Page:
Protection against exploits. Spring security also provides protections against common exploits. In most of the cases, these protections are enabled by default. To protect against CSRF attacks, Spring security offers the following protections; i) CSRF token and ii) “SameSite Attribute”-based protection. CSRF token-based protection ensures the presence of CSRF token in the HTTP request header to indicate its legitimacy. In “SameSite Attribute”-based protection, the browser only sends the “SameSite” session cookie if and only if both the requested resource and the resource in the top-level browsing context match the cookie. Spring security also enables sending common HTTP security headers by default including, HTTP Strict Transport Security, X-Frame-Options, X-XSS-Protection, etc. Spring security also enables Strict Transport Security by default to redirect HTTP traffic to HTTPS.

Ii-B Methodology of the study

To systematically discover security anti-patterns, we develop the following methodology. First, we collect a dataset of real-world enterprise application source codes that uses Spring security. Then, we carefully analyze and collect their security configurations by using a descriptive coding technique [saldana2015coding]. After finding the use of a security feature, we extensively match its configuration with the following seven knowledge-base of common security issues; i) Common Weakness Enumeration (CWE) [mitre], ii) Openstack security anti-patterns alert list [openstack], iii) Spring security official reference guide [spring-security-reference], iv) Apigee Edge anti-patterns [apigee], v) Snyk vulnerability Database [snyk-vuln-DB], vi) previous research work on security anti-patterns [antiPattern-Nafess, rahman2019anti, siriwardena2014advanced, do-developers-update-their-libs, del2015analyzing], vii) RFC documents [rfc6749-oauth2, rfc6819completeoauth, rfc7515, rfc8725]. If any of these knowledge-base indicates an insecure configuration, we analyze severity in the context of their usage. If an insecure configuration is the result of a customization, we mark it as a security anti-pattern. Otherwise, we mark it as an insecure default configuration.

Iii Security Anti-patterns in Spring Security

Type Rule Reference Feature Threat Severity Count (28)
Anti-patterns (1) Using lifelong valid access tokens  [apigee, mitre, siriwardena2014advanced] Authentication Secrets leaking M 7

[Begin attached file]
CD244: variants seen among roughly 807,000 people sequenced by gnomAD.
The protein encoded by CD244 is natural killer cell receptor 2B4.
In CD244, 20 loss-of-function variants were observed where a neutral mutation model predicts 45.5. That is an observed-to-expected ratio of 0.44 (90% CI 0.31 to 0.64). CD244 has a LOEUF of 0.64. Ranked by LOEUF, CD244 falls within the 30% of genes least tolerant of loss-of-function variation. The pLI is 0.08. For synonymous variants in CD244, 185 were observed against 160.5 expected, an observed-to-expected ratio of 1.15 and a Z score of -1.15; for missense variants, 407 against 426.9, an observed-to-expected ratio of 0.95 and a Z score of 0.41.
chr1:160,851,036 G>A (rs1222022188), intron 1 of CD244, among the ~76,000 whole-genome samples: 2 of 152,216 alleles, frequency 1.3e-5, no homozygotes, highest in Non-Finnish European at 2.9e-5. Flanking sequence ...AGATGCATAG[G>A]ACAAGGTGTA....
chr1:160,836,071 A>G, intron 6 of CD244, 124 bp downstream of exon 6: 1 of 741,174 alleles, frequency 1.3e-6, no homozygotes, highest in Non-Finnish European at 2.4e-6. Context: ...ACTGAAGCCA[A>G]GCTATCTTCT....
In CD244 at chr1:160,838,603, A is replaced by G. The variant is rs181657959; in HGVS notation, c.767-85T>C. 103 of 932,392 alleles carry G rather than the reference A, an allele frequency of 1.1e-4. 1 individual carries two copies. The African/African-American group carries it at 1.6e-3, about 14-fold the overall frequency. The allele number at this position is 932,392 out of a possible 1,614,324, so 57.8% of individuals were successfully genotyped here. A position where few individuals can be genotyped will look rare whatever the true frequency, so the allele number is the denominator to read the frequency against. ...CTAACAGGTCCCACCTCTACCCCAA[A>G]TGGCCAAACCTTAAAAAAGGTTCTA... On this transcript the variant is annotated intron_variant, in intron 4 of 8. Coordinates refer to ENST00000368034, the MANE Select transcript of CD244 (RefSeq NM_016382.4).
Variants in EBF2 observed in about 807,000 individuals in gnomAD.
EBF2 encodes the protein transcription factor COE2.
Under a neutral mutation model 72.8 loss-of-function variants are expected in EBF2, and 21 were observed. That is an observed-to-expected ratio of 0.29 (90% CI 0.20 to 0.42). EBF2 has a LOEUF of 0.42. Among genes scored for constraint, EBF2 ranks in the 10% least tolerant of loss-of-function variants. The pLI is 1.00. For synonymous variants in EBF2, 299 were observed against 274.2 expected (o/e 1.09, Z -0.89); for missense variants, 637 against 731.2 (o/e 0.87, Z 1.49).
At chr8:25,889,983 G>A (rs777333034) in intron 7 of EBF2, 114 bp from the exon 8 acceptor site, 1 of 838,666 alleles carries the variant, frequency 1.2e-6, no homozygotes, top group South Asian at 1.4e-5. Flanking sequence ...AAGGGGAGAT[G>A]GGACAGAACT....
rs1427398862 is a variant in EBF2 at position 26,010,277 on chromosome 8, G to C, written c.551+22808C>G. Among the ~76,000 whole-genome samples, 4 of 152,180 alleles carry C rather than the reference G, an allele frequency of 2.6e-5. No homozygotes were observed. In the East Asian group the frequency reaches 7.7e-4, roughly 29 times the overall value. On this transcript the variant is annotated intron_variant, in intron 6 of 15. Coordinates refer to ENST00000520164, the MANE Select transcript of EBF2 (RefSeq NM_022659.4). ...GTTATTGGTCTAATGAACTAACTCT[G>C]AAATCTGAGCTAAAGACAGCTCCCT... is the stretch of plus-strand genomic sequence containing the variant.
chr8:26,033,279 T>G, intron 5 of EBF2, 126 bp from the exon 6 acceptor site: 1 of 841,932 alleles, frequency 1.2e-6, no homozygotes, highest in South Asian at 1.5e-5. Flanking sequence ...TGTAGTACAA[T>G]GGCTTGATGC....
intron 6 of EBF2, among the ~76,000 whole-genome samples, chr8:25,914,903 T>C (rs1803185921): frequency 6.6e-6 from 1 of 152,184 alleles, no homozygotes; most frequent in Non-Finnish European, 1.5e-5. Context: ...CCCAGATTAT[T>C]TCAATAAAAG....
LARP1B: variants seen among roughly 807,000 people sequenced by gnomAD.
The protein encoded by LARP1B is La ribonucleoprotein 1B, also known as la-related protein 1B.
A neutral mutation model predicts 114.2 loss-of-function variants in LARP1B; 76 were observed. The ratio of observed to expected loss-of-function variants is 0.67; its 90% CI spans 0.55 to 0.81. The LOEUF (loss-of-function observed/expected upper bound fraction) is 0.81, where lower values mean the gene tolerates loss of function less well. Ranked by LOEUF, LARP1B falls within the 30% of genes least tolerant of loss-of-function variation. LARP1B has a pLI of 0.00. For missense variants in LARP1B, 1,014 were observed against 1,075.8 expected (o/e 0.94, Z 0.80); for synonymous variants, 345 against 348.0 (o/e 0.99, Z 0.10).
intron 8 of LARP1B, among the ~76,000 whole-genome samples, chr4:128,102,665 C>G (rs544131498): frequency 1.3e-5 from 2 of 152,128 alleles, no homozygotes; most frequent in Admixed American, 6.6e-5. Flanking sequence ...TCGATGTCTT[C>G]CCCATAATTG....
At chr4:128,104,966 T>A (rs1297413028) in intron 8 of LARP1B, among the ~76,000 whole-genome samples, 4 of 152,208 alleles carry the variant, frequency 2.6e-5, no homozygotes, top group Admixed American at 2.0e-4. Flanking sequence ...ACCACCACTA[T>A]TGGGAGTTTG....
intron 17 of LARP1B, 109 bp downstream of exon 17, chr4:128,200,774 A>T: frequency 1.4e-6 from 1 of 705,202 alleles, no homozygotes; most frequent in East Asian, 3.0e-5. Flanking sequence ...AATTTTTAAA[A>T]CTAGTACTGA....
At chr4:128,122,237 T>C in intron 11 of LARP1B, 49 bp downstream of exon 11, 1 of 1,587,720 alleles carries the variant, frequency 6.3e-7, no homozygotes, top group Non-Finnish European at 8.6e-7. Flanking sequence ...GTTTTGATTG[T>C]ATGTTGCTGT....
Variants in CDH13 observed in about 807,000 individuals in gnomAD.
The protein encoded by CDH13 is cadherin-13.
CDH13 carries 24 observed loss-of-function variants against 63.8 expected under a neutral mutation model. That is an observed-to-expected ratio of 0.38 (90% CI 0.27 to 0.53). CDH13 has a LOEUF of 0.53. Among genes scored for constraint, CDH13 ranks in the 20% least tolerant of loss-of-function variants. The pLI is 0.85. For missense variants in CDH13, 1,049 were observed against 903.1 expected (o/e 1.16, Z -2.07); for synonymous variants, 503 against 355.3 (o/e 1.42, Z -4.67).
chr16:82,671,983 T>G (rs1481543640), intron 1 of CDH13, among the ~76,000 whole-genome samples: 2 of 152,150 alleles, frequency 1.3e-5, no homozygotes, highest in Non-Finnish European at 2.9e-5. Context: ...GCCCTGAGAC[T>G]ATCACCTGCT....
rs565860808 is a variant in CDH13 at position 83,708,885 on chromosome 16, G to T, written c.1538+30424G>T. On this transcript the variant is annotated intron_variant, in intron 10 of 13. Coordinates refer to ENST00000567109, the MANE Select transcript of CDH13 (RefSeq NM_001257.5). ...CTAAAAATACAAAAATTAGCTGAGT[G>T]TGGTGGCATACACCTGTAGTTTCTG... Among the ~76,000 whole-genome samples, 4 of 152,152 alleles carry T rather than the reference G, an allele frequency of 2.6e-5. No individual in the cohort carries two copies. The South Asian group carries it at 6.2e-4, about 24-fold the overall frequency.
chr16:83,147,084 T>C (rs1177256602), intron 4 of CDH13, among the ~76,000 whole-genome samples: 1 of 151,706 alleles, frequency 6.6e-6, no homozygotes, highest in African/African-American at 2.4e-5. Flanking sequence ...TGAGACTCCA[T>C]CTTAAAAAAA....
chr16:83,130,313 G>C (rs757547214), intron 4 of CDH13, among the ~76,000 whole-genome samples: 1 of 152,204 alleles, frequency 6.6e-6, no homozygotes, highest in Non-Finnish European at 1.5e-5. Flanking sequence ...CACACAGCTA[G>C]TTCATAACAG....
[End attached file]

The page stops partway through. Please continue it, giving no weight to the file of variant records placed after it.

(2) Absence of state param in redirect URL  [siriwardena2014advanced] Authentication CSRF attacks H 11
(3) Using fixed secret to sign JWT tokens  [mitre, rahman2019anti, rfc7515] Authentication Brute-force M 14
(4) Storing secrets in insecure places  [snyk-vuln-DB] Authentication Secrets leaking H 17
(5) Disabling CSRF protection  [snyk-vuln-DB, antiPattern-Nafess] Exploit protection CSRF attacks H 17
(6) Not using TLS for HTTP communication  [mitre, snyk-vuln-DB, rahman2019anti] Exploit protection Man-in-the-middle H 15
Insecure defaults (7) Using Bcrypt with insecure params  [spring-security-reference] Authentication Brute-force H 11
(8) Using MD5 in remember me cookie  [openstack, rahman2019anti] Authentication Brute-force H N/A
(9) Lack of req. throttling policy per API key  [rfc6819completeoauth, mitre] Exploit protection DoS attacks L N/A
(10) Absence of content security policy (CSP)  [snyk-vuln-DB] Exploit protection Code injection L N/A
TABLE I: Identified security misuses are presented with their corresponding knowledge-base references, affecting features, threats, severity and counts in 28 GitHub projects. High, medium, and low severity levels are denoted by H/M/L respectively.

In this section, first, we will present our analysis result on the collected data and then briefly illustrate each common security misuse and their severity.

Data collection. We collected the source code of 28 applications hosted on GitHub that uses Spring security. 8 of the selected projects are real-world enterprise applications and 20 of them are demo projects with example use of Spring security framework. We considered the following three criteria to filter them [munaiah2017curating]:

  • #Forks. The number of times the project has been forked. This gives an indication that these repositories have been adopted widely by other developers in their own code base [jiang2017and].

  • #Stars. The number of times the project has been starred by other developers which ensures that the curated repository is popular [borges2016understanding] among other developers.

  • Originality. The project is not a clone or copy of another existing project.

Iii-a Analysis Result